Re: Haldane's dilemma
Mon, 28 Apr 1997 11:42:15 -0700

David Campbell wrote:
> Adrian replied:
> [most previous material sniped]
> >> >
> >> >Haldane calculated that it takes on average 300 generations to pay for
> >> >the cost of one substitution. That leaves us 1667 beneficial mutations.
> >> >
> >> >What is wrong with this argument?
> >> Although noticably beneficial mutations are likely to be rare, nearly
> >> neutral mutations are much more frequent and could account for much of the
> >> change.
> >
> >I am a little confused. It is my understanding that neutral mutations
> >are just that, neutral. How then can they be said to effect sustained
> >change and still be called neutral?
> If the difference between species is measured by comparing DNA, then
> neutral mutations could account for much molecular change, even though the
> morphology showed no change. What was the exact difference Haldane thought
> was too big? (i.e., genetic distance, gross morphology,...)?

As far as I know, error catastrophe occurs when the mutation rate gets
above one harmful mutation per progeny - .5 harmful mutations per gamete
per generation. Since Kimura (1983) estimated that amino-acid altering
mutations are ten times more likely to be harmful than neutral, then the
estimated rate of neutral mutation would be .05 per generation. That
figure seems to be too small to explain every much. In ten millions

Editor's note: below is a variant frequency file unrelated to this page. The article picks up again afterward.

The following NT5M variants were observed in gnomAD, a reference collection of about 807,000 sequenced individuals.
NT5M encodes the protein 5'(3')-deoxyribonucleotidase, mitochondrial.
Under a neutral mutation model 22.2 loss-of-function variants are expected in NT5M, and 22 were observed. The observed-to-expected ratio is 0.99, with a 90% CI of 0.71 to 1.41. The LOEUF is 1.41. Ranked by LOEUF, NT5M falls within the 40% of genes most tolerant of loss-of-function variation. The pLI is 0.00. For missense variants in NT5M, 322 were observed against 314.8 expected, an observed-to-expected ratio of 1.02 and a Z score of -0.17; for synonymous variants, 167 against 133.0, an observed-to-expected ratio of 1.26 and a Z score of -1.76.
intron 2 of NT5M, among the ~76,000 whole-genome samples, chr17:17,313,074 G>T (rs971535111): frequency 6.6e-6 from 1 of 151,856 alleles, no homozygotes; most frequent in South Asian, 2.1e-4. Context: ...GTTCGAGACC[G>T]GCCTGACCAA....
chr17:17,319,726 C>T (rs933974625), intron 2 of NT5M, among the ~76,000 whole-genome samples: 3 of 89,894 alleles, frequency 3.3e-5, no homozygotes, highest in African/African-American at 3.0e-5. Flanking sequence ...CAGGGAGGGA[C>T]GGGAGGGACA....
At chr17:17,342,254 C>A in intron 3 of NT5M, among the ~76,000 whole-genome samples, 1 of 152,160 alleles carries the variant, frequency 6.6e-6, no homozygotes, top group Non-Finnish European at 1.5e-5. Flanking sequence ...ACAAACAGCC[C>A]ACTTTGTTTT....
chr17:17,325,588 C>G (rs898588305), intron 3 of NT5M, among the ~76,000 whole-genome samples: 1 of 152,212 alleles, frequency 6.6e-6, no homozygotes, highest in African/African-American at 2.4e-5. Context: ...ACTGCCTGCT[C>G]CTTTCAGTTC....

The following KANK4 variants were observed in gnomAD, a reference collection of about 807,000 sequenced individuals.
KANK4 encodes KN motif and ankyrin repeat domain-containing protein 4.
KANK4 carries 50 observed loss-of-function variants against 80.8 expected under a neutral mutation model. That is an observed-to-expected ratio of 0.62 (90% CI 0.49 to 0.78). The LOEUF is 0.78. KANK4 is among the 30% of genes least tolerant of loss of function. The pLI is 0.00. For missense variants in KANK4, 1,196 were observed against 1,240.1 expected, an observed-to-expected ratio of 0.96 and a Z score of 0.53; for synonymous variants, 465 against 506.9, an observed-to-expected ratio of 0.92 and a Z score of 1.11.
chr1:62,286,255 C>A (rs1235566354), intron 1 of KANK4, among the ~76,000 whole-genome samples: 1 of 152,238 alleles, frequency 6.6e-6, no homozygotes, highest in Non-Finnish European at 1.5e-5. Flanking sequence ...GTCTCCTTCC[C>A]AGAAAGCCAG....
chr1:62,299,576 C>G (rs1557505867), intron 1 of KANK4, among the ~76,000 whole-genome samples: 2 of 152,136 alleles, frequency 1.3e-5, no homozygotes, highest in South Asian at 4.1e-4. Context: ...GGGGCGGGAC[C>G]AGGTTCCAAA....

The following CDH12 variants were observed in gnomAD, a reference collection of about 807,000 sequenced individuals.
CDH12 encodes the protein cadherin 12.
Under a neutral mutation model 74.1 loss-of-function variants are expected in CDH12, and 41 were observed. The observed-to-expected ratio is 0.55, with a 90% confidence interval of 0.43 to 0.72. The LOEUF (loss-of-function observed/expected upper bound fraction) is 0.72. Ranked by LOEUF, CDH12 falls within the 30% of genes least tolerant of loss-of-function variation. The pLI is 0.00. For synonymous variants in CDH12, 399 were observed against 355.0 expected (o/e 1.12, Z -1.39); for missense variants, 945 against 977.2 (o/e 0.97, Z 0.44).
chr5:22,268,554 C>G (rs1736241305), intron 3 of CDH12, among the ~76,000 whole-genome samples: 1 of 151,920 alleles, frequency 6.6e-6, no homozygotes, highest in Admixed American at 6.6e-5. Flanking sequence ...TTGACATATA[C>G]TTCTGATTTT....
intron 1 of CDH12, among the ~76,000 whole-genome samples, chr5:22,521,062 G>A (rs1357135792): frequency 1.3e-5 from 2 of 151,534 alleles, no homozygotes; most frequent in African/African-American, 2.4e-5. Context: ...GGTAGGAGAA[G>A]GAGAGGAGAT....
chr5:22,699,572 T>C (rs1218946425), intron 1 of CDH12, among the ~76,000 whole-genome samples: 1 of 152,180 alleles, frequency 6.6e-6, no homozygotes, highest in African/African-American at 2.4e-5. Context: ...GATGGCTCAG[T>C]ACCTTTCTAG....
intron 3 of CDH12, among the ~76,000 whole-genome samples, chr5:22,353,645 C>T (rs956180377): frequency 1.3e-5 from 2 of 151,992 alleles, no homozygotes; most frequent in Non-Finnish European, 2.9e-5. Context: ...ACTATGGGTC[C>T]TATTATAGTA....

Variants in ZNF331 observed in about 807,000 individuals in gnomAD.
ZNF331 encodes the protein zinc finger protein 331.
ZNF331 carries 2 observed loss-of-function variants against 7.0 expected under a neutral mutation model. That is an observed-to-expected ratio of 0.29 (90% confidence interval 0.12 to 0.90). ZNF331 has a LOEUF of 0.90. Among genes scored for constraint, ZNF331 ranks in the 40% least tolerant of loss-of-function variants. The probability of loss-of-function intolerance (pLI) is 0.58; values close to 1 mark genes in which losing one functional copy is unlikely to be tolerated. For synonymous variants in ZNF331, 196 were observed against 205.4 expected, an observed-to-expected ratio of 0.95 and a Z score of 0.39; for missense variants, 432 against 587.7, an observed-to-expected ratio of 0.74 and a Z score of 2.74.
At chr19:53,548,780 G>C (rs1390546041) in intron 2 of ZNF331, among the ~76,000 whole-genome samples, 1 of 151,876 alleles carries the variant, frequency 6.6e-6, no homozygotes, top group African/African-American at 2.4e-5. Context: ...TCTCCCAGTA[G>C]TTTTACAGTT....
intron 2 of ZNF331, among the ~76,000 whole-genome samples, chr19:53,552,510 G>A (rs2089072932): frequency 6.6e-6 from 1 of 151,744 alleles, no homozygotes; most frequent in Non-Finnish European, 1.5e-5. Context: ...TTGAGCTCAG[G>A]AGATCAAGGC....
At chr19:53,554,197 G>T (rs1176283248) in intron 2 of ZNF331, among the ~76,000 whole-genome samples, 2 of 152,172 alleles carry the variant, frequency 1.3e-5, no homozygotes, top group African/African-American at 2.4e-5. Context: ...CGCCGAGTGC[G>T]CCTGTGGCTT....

years, using the example above, you get only about 25000 neutral

> >> In particular, a minor change affecting courtship behavior could
> >> be enough to isolate two subpopulations. Also, one mutation may easily
> >> involve more than one nucleotide. Gene duplications (e.g., unequal
> >> crossing over) and retroviruses can produce large changes in a single step.
> >
> >Aren't these events also exceedingly rare? Are they enough to solve the
> >problem?
> These events are generally rare (although many plants can easily form
> polyploid hybrids that act as genome duplication events, this is unusual in
> animals), but the time spans involved are also quite long.

Given the above example of ten million years, would it be long enough?
For starters, how rare are these events anyway?

> if the large differences that puzzled Haldane were morphological, a small
> mutation in DNA can have large phenotypic effects.

I think Haldane was talking about differences at the level of
nucleotides, but I have to check the original paper.